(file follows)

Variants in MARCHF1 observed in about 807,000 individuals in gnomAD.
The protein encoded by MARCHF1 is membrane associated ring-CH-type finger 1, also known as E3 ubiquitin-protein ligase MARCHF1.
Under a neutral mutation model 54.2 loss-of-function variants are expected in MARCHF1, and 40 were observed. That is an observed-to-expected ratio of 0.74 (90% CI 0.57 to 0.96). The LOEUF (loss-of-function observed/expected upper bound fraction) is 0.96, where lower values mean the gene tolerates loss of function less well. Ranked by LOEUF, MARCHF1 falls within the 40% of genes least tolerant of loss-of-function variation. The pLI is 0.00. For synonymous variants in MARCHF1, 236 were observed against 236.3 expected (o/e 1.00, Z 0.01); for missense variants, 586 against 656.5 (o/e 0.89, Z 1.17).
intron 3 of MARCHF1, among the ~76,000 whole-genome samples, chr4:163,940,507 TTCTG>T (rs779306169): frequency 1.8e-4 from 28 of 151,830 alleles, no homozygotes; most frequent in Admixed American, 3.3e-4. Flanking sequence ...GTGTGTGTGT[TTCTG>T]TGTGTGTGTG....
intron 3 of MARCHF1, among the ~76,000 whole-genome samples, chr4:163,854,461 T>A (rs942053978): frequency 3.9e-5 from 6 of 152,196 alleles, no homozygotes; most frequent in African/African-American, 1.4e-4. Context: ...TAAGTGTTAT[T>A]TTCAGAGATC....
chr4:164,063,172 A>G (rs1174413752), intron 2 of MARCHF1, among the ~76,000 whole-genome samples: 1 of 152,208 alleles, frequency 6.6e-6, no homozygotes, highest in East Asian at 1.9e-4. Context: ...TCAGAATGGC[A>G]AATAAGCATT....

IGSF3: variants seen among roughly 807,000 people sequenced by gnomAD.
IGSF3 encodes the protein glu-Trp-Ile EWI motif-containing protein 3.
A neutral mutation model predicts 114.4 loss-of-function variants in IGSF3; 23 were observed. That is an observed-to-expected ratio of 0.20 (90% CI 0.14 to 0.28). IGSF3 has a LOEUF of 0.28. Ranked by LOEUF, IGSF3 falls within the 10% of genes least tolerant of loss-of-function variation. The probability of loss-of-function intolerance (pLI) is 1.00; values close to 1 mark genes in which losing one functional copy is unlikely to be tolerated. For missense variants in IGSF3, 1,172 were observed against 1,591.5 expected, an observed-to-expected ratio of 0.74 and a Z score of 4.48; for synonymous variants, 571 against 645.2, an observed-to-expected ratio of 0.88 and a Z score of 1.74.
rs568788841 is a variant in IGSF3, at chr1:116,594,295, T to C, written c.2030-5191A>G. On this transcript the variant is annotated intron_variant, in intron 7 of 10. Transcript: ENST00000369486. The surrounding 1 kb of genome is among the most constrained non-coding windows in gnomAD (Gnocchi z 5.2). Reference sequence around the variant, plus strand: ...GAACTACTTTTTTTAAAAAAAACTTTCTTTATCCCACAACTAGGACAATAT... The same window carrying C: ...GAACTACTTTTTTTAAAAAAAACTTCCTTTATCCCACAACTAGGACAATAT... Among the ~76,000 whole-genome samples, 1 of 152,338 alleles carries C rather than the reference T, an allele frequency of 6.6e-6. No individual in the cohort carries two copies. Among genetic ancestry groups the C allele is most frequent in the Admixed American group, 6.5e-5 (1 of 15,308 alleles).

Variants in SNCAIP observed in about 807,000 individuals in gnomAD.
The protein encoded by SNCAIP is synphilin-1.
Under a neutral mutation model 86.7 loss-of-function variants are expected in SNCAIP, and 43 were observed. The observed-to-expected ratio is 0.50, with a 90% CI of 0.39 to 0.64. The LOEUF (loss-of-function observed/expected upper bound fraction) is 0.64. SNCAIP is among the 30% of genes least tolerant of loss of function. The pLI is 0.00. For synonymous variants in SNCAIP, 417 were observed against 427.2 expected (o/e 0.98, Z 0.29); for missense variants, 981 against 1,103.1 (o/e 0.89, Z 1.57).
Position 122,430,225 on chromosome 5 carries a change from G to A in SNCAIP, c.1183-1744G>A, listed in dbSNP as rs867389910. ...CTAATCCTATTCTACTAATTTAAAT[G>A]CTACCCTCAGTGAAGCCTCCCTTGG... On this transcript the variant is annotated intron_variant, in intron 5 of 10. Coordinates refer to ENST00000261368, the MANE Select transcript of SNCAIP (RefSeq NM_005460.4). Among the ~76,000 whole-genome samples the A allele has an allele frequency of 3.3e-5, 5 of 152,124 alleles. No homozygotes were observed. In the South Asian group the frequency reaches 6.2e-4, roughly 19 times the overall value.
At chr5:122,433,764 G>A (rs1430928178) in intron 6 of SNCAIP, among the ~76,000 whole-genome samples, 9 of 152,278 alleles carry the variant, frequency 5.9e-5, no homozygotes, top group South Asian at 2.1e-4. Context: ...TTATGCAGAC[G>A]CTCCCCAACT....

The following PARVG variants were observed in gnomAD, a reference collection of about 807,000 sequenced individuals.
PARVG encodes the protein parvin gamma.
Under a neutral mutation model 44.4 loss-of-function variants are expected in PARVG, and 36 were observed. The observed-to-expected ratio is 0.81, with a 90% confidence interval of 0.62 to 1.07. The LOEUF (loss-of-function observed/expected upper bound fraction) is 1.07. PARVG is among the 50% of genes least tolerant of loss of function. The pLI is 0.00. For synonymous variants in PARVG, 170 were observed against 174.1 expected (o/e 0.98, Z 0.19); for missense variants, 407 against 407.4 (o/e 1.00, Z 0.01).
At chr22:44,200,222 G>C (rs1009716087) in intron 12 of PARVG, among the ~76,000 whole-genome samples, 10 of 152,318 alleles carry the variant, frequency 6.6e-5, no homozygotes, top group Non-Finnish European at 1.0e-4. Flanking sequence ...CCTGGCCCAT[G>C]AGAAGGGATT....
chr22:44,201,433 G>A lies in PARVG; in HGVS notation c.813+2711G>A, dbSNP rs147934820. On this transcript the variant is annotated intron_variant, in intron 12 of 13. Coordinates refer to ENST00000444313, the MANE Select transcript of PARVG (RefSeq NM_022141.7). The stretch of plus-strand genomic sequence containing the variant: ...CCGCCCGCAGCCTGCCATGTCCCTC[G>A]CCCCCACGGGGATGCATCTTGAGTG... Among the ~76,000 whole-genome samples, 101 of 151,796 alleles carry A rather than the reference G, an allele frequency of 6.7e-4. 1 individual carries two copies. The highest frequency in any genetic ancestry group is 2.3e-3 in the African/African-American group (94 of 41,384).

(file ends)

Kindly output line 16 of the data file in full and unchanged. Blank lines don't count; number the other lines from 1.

The following PARVG variants were observed in gnomAD, a reference collection of about 807,000 sequenced individuals.